Terrance Williams, 2013 situational stats
Catches Yards TD 40+ yards
First half 17 284 0 0
Second half 27 452 5 3

Pro Football Reference

Williams caught 61 percent of the passes thrown his way, according to Pro Football Focus (subscription required), which crushed Jeffery's rate of 50 percent from his rookie campaign. But the Baylor product was especially good in that area during the final five weeks of the year, pulling in 70 percent of the balls tossed his way. That's a rate that over the course of the year would have placed him in the top 12. 

And realistically, doubting him now would be foolish. The guy wasn't given much love coming out of high school, but in his senior year at Baylor he had more receiving yards than anyone else in the country. And then, when he entered this league, many assumed Williams would struggle with the physicality of the game despite his 200-pound frame. 

That was hardly the case during his rookie season. Williams was victorious time and time again in one-on-one battles, even against extremely physical cornerbacks such as Cary Williams...

NFL Game Pass

Another prime example on a deep ball against Tony Carter...

NFL Game Pass

And one more on a beautiful route versus Philadelphia...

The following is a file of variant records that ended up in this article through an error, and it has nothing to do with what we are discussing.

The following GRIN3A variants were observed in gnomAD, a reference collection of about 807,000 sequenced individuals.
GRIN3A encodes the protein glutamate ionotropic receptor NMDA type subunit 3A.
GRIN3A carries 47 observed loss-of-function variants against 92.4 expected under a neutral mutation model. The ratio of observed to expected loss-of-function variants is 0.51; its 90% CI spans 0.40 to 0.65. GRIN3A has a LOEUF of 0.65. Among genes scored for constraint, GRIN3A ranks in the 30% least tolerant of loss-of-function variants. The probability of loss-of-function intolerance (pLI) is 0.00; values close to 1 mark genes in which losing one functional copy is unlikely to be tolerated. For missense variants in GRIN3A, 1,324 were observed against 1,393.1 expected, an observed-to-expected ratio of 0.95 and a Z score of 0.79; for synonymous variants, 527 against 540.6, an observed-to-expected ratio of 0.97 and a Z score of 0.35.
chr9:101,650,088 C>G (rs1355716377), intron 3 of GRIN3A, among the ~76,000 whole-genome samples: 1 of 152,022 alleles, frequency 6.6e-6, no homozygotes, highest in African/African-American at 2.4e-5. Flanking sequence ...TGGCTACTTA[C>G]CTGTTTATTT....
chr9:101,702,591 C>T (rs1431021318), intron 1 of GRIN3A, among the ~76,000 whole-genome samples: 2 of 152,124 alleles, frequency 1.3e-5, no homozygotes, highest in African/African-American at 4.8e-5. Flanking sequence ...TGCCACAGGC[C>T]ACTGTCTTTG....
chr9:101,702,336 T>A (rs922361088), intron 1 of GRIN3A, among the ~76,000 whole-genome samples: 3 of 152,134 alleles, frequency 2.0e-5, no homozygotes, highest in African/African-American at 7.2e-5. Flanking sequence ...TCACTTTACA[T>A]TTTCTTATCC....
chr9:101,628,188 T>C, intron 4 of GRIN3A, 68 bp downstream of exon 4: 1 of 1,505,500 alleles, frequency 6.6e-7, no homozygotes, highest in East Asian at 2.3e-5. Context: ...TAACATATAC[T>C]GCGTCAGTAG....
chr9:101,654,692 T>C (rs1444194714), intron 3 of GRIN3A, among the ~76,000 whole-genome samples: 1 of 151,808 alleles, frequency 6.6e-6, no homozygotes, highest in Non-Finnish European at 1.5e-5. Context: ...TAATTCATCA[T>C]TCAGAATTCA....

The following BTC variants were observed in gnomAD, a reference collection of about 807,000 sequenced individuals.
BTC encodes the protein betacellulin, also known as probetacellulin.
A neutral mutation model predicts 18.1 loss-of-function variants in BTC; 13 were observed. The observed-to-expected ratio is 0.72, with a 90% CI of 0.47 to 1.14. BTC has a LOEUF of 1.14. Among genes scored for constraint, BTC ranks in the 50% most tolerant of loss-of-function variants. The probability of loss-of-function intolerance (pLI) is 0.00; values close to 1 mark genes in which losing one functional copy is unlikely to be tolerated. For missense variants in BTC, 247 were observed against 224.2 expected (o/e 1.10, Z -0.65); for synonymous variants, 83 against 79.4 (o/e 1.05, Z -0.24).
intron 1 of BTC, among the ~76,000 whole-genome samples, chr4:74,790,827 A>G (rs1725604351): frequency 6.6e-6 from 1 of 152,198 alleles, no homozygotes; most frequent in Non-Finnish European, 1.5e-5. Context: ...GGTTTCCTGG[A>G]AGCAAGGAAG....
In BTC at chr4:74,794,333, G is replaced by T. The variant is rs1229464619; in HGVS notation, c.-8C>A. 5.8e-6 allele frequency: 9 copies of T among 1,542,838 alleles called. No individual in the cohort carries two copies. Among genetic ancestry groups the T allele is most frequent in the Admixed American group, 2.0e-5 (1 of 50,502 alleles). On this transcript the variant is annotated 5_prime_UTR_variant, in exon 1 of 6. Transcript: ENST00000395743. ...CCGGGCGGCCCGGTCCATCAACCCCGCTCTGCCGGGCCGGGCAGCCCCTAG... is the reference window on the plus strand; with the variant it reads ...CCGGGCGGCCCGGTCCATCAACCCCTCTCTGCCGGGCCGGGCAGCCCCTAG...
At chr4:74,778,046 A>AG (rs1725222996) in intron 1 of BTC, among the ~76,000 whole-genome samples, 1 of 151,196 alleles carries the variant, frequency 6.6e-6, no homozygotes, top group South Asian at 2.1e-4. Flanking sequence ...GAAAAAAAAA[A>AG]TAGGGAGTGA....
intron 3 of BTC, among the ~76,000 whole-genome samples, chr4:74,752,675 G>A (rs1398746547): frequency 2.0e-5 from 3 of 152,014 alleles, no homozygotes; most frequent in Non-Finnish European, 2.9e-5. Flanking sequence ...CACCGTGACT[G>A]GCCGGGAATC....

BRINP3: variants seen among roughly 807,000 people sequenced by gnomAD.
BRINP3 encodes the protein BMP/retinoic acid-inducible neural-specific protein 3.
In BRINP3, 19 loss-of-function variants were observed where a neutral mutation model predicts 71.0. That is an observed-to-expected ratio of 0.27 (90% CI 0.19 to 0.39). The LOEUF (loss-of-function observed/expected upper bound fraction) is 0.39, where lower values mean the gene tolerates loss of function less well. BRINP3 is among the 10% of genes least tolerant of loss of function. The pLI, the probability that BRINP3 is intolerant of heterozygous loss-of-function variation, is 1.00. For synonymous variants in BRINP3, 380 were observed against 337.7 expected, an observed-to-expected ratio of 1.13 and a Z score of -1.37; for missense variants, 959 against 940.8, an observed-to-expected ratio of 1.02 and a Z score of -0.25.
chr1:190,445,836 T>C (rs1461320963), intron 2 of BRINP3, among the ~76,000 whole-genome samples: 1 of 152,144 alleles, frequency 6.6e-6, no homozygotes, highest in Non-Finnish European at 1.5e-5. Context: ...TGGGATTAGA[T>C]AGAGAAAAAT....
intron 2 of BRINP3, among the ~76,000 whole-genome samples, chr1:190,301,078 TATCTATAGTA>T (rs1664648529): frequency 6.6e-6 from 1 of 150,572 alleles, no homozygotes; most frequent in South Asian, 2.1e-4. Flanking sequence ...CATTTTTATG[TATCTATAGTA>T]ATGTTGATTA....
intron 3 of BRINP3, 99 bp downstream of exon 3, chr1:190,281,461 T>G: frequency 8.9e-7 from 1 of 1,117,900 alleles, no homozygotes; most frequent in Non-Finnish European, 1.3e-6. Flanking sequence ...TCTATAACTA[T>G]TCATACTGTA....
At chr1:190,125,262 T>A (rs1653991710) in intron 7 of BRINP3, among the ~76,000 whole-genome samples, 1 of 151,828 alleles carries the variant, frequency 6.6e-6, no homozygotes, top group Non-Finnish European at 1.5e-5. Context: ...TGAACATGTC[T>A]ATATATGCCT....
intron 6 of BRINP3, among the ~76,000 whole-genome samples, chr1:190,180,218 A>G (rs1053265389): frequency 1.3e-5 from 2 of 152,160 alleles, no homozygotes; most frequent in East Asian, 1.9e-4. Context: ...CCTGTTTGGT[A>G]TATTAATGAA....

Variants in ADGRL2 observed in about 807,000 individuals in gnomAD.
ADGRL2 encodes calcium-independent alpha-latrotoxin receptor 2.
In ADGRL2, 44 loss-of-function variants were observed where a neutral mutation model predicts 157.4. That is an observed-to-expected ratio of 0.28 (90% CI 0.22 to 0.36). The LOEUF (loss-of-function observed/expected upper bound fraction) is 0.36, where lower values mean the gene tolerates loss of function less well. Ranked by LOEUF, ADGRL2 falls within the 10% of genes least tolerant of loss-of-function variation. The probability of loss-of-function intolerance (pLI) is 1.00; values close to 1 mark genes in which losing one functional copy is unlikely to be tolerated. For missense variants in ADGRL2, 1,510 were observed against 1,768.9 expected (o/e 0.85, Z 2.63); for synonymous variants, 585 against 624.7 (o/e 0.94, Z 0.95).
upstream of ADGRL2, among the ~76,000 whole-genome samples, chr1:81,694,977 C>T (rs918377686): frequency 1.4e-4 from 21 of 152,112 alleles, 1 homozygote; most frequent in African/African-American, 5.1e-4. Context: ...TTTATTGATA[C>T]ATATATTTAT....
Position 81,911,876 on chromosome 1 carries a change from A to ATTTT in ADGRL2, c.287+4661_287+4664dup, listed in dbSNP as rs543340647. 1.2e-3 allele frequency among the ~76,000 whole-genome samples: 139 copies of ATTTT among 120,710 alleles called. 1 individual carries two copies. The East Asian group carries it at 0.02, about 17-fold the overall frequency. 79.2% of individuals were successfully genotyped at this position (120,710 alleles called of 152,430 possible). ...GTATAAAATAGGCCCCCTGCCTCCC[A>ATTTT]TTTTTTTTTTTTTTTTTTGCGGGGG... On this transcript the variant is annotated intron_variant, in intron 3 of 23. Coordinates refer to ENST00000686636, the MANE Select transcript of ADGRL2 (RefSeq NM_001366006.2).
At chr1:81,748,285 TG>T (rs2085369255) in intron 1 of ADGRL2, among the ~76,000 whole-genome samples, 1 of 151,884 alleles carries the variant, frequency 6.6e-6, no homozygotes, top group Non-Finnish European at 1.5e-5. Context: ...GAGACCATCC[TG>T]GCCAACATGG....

NFL Game Pass

As a result, he looks as though he'll continue to get plenty of looks inside the red zone. He's got the hops and the hands to pull in tight passes like these...

NFL Game Pass

But while he doesn't blow by guys with 4.3 speed, he does have the explosiveness to hang in. Williams has never been known as a big yards-after-catch guy, but the 4.9 YAC per reception total he put up in 2013 actually ranked well above the league median. 

An example of some hard-earned extra yards against Denver...

NFL Game Pass

And more, along with some physicality, on a 60-yard touchdown against Detroit...

NFL Game Pass

Williams caught all nine of the catchable passes thrown his way at a distance of 20-plus yards, according to PFF, which deemed him to be the sixth-most efficient deep receiver in the league among 80 qualifiers. Jeffery had just five deep receptions in 2012. 

Jeffery doesn't appear to be much faster or much more physical, although he does have 10 or 15 pounds on Williams. But the two don't have to be the exact same receiver. All that matters is Williams is getting better, and his circumstances should give him favorable one-on-one battles like these all year long...

NFL Game Pass

There's no rule saying more than one receiver can't bust out in Year 2. Jeffery and Gordon proved that in 2013. But if we are comparing Williams to his peers from last year's draft class, the odds are decent that he has the best sophomore campaign. 

Sure, Keenan Allen had a hell of a rookie season in San Diego, but he'll be the top gun with all the pressure and an even higher standard in Year 2. DeAndre Hopkins has no idea what kind of support he'll get from Andre Johnson and may not have a competent quarterback on a consistent basis. Kenny Stills is still part of a crowd in New Orleans, and Tavon Austin has a lot of ground to make up in St. Louis. Cordarrelle Patterson and Robert Woods could flourish, but they don't have the same level of support.

It's also not a given that a second-year receiver becomes a star in 2014, but if it's going to happen to anyone, Williams might be the guy.